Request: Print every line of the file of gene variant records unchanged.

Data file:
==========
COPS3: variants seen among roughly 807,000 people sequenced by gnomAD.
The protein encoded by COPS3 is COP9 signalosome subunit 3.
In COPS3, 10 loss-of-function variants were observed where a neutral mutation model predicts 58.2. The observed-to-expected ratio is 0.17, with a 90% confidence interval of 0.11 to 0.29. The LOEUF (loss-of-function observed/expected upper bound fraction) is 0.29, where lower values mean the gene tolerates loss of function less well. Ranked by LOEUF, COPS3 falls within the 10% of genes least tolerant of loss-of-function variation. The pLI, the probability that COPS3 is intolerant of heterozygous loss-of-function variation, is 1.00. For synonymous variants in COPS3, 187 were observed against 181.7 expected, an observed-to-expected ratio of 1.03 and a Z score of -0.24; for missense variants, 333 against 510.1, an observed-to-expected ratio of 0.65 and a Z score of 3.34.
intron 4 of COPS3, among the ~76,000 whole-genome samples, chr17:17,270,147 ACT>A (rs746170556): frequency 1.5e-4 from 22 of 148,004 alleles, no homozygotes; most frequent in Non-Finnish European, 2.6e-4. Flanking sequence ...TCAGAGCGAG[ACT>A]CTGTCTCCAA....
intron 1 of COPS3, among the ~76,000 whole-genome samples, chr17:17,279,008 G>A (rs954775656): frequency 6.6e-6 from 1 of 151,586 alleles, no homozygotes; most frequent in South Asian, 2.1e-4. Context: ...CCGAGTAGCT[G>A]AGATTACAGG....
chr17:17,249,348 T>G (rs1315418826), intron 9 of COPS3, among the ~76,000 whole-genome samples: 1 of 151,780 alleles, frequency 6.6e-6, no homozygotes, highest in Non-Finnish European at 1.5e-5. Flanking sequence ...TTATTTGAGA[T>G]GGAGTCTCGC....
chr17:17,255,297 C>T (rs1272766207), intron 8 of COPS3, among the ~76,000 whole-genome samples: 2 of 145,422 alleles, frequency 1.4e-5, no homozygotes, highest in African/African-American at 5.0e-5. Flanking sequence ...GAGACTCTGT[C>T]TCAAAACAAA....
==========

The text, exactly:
COPS3: variants seen among roughly 807,000 people sequenced by gnomAD.
The protein encoded by COPS3 is COP9 signalosome subunit 3.
In COPS3, 10 loss-of-function variants were observed where a neutral mutation model predicts 58.2. The observed-to-expected ratio is 0.17, with a 90% confidence interval of 0.11 to 0.29. The LOEUF (loss-of-function observed/expected upper bound fraction) is 0.29, where lower values mean the gene tolerates loss of function less well. Ranked by LOEUF, COPS3 falls within the 10% of genes least tolerant of loss-of-function variation. The pLI, the probability that COPS3 is intolerant of heterozygous loss-of-function variation, is 1.00. For synonymous variants in COPS3, 187 were observed against 181.7 expected, an observed-to-expected ratio of 1.03 and a Z score of -0.24; for missense variants, 333 against 510.1, an observed-to-expected ratio of 0.65 and a Z score of 3.34.
intron 4 of COPS3, among the ~76,000 whole-genome samples, chr17:17,270,147 ACT>A (rs746170556): frequency 1.5e-4 from 22 of 148,004 alleles, no homozygotes; most frequent in Non-Finnish European, 2.6e-4. Flanking sequence ...TCAGAGCGAG[ACT>A]CTGTCTCCAA....
intron 1 of COPS3, among the ~76,000 whole-genome samples, chr17:17,279,008 G>A (rs954775656): frequency 6.6e-6 from 1 of 151,586 alleles, no homozygotes; most frequent in South Asian, 2.1e-4. Context: ...CCGAGTAGCT[G>A]AGATTACAGG....
chr17:17,249,348 T>G (rs1315418826), intron 9 of COPS3, among the ~76,000 whole-genome samples: 1 of 151,780 alleles, frequency 6.6e-6, no homozygotes, highest in Non-Finnish European at 1.5e-5. Flanking sequence ...TTATTTGAGA[T>G]GGAGTCTCGC....
chr17:17,255,297 C>T (rs1272766207), intron 8 of COPS3, among the ~76,000 whole-genome samples: 2 of 145,422 alleles, frequency 1.4e-5, no homozygotes, highest in African/African-American at 5.0e-5. Flanking sequence ...GAGACTCTGT[C>T]TCAAAACAAA....